The Newport School District started in-person classes at the end of August. Danko is concerned about the possibility of school closures if COVID-19 infection rates go up locally. If that happens, there will be a need for virtual (online) instruction before the school year is over.

Danko went to her school superintendent earlier this summer and told her she was concerned about her students that have no access to the internet or limited access.

The Newport School District, she said, has been looking at what other school districts are doing and finding ways to make its own response “Newport specific.”

For one, Danko said there are some internet issues within her building that need to be ironed out. The first few days of school included lots of figuring out digital devices and some students trying to use their own data on their phones.

“We’re trying to use technology the best that we can,” she said, by initiating a Google classroom set-up and a video-communication software called Google Meet — a service similar to video-conferencing software Zoom — in which students can “meet and talk” together from their computer screens.

For students who do not have internet access at home, the students will have to “call in” via telephone during class time and use a PIN number to access the class meeting. Danko teaches special education in the middle school. Of her 11 students, she said two of them do not have Wi-Fi internet access.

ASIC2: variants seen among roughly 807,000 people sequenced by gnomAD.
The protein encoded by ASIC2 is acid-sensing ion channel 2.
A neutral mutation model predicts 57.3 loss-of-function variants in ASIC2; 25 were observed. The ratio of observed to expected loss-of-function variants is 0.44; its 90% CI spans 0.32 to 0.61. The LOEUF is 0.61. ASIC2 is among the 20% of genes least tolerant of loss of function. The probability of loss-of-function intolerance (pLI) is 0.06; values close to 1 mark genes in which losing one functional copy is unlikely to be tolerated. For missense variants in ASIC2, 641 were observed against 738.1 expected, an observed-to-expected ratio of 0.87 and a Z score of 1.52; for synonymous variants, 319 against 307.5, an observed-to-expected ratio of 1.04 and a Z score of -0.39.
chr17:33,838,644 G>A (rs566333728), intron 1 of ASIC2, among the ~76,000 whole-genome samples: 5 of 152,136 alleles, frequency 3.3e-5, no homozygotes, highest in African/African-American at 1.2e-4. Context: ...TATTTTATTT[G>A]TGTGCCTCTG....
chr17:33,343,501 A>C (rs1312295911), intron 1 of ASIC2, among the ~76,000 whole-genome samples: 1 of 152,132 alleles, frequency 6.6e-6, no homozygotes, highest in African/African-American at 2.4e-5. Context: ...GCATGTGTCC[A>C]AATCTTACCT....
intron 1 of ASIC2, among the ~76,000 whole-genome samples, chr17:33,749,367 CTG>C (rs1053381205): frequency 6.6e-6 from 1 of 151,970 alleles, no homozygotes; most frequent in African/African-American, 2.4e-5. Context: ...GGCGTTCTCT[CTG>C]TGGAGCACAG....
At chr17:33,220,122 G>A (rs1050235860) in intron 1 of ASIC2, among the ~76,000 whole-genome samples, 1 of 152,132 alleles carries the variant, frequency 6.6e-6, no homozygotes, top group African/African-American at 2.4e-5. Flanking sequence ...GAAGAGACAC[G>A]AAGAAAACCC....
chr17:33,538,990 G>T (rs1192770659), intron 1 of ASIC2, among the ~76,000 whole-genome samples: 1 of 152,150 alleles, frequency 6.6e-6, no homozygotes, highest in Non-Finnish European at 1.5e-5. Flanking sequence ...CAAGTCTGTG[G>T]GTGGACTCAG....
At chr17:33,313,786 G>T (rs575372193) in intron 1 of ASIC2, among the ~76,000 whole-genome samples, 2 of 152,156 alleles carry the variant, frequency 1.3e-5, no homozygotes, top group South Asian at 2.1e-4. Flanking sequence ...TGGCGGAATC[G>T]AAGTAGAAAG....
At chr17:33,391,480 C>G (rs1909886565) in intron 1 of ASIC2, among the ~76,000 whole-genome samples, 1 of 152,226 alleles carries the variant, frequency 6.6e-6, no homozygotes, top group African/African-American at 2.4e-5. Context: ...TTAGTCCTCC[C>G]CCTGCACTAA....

Another plan in place for education includes allowing students to download material for use offline (while not connected to the internet) in the event of a three- to five-day shutdown.

“It causes you to think outside the box,” she said of the options.

During the pandemic, Danko has delivered work to students who don’t have internet. She places items in a bag and leaves it at the doorstep.

Campbell said the reason some rural areas do not have internet access at all is partly due to the fact not every homeowner in that region wants it.

“A lot of people out here don’t have it (at) all and don’t want it,” he said. “Maybe three families want it, and it’s not enough to bring it out that way.”

The majority of the folks who are not interested are elderly, he said.

“People are scared of new things,” Campbell said, adding, “I made a commitment years ago that technology would not get the best of me.”

Campbell also said that many seniors who have life-saving necklaces or bracelets that call for help need internet access. And they do not realize that it is important.

Campbell said he wants people to understand the impact that lack of high-speed broadband has on everyone.

He said some of the biggest impact is on farmers and rural businesses. For one, many farmers are using “smart” farm equipment. He gave an example of a sprayer that needs a GPS (a satellite-based navigation system) to access data.

Lack of good internet broadband connectivity is critical for businesses, sales and communications, especially in rural areas.

“I went to the butcher shop not long ago. I gave the girl a credit card,” Campbell said, and she immediately gave him a worried look. Their internet speed had been slow at the shop and she was concerned the credit card would not work.

“She told me, ‘We’re really worried about losing sales,’” he said.

Tabitha Goodling is a freelance writer in central Pennsylvania.